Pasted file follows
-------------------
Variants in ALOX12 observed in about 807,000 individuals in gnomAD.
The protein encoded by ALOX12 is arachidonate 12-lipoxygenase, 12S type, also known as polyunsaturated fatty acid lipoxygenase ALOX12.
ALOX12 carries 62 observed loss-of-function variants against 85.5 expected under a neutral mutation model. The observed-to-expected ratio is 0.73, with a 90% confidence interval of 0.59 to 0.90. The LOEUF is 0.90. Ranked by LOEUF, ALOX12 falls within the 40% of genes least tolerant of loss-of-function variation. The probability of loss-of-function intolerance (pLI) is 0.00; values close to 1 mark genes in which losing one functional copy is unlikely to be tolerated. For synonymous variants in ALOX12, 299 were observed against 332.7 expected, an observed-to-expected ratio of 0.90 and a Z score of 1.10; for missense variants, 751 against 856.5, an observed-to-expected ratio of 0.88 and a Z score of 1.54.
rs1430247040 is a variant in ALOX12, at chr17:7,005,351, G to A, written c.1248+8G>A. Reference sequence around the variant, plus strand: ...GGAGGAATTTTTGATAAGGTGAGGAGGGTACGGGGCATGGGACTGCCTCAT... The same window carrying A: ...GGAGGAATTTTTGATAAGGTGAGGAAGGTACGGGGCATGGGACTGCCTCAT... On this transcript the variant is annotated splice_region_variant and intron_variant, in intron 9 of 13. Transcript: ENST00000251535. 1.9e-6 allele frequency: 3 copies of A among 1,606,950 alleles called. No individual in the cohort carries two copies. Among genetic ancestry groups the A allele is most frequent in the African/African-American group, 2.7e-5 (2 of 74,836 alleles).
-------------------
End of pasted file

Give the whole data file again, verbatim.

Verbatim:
Variants in ALOX12 observed in about 807,000 individuals in gnomAD.
The protein encoded by ALOX12 is arachidonate 12-lipoxygenase, 12S type, also known as polyunsaturated fatty acid lipoxygenase ALOX12.
ALOX12 carries 62 observed loss-of-function variants against 85.5 expected under a neutral mutation model. The observed-to-expected ratio is 0.73, with a 90% confidence interval of 0.59 to 0.90. The LOEUF is 0.90. Ranked by LOEUF, ALOX12 falls within the 40% of genes least tolerant of loss-of-function variation. The probability of loss-of-function intolerance (pLI) is 0.00; values close to 1 mark genes in which losing one functional copy is unlikely to be tolerated. For synonymous variants in ALOX12, 299 were observed against 332.7 expected, an observed-to-expected ratio of 0.90 and a Z score of 1.10; for missense variants, 751 against 856.5, an observed-to-expected ratio of 0.88 and a Z score of 1.54.
rs1430247040 is a variant in ALOX12, at chr17:7,005,351, G to A, written c.1248+8G>A. Reference sequence around the variant, plus strand: ...GGAGGAATTTTTGATAAGGTGAGGAGGGTACGGGGCATGGGACTGCCTCAT... The same window carrying A: ...GGAGGAATTTTTGATAAGGTGAGGAAGGTACGGGGCATGGGACTGCCTCAT... On this transcript the variant is annotated splice_region_variant and intron_variant, in intron 9 of 13. Transcript: ENST00000251535. 1.9e-6 allele frequency: 3 copies of A among 1,606,950 alleles called. No individual in the cohort carries two copies. Among genetic ancestry groups the A allele is most frequent in the African/African-American group, 2.7e-5 (2 of 74,836 alleles).